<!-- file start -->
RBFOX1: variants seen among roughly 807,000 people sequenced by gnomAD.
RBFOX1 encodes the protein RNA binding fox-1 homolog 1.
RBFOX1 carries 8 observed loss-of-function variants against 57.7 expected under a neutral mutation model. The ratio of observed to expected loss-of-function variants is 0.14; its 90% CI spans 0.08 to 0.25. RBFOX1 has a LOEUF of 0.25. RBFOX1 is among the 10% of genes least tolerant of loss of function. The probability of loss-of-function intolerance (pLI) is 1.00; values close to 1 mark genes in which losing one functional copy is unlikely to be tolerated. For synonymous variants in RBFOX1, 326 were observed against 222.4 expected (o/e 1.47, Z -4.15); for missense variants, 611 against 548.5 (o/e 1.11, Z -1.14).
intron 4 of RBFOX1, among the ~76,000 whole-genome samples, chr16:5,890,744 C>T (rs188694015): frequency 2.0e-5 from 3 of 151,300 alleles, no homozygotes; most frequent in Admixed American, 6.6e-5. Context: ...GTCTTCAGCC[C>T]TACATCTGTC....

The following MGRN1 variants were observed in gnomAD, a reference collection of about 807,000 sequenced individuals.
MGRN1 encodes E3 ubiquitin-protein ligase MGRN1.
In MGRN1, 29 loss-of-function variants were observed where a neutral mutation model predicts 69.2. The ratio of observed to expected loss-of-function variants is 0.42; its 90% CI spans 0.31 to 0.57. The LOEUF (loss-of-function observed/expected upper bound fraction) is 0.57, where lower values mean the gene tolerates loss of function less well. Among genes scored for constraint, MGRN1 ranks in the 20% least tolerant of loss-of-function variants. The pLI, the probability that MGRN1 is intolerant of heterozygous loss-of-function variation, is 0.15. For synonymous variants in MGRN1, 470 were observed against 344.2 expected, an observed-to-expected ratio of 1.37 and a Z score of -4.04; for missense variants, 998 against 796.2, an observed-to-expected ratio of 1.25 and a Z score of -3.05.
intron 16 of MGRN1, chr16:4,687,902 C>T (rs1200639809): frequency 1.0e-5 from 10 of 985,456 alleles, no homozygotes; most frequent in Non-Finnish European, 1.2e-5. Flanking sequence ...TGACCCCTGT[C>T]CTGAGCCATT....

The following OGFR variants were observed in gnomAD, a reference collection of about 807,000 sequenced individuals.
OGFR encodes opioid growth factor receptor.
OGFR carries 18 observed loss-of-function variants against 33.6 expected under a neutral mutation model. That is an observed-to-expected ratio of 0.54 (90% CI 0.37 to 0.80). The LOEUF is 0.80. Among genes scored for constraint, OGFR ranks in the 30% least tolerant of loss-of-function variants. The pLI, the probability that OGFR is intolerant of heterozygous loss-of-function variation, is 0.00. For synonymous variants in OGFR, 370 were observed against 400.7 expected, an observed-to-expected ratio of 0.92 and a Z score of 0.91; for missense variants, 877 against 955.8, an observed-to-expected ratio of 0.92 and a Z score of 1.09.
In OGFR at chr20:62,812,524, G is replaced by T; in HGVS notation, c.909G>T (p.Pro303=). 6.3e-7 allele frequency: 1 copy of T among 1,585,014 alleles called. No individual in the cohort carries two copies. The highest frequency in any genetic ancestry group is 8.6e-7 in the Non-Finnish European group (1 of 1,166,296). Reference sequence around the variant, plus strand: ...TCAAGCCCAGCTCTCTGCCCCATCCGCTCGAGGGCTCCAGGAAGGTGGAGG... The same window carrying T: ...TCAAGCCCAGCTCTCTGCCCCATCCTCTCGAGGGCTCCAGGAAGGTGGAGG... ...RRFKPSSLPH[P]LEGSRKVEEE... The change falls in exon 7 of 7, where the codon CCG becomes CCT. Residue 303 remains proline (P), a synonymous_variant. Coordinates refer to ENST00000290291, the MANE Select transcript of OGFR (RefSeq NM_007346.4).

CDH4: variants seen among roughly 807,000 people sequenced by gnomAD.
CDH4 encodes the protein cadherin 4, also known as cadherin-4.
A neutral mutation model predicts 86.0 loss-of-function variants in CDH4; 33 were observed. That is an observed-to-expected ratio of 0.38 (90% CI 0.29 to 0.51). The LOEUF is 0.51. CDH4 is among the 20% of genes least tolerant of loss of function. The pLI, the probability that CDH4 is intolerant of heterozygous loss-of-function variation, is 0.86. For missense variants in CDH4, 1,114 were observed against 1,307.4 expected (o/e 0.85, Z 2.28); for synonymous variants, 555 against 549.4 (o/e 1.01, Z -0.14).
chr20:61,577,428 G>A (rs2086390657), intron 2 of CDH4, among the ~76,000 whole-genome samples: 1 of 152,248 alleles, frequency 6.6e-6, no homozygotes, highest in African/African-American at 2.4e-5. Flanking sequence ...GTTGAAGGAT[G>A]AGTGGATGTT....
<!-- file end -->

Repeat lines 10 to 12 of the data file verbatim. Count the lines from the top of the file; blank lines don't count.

OGFR encodes opioid growth factor receptor.
OGFR carries 18 observed loss-of-function variants against 33.6 expected under a neutral mutation model. That is an observed-to-expected ratio of 0.54 (90% CI 0.37 to 0.80). The LOEUF is 0.80. Among genes scored for constraint, OGFR ranks in the 30% least tolerant of loss-of-function variants. The pLI, the probability that OGFR is intolerant of heterozygous loss-of-function variation, is 0.00. For synonymous variants in OGFR, 370 were observed against 400.7 expected, an observed-to-expected ratio of 0.92 and a Z score of 0.91; for missense variants, 877 against 955.8, an observed-to-expected ratio of 0.92 and a Z score of 1.09.
In OGFR at chr20:62,812,524, G is replaced by T; in HGVS notation, c.909G>T (p.Pro303=). 6.3e-7 allele frequency: 1 copy of T among 1,585,014 alleles called. No individual in the cohort carries two copies. The highest frequency in any genetic ancestry group is 8.6e-7 in the Non-Finnish European group (1 of 1,166,296). Reference sequence around the variant, plus strand: ...TCAAGCCCAGCTCTCTGCCCCATCCGCTCGAGGGCTCCAGGAAGGTGGAGG... The same window carrying T: ...TCAAGCCCAGCTCTCTGCCCCATCCTCTCGAGGGCTCCAGGAAGGTGGAGG... ...RRFKPSSLPH[P]LEGSRKVEEE... The change falls in exon 7 of 7, where the codon CCG becomes CCT. Residue 303 remains proline (P), a synonymous_variant. Coordinates refer to ENST00000290291, the MANE Select transcript of OGFR (RefSeq NM_007346.4).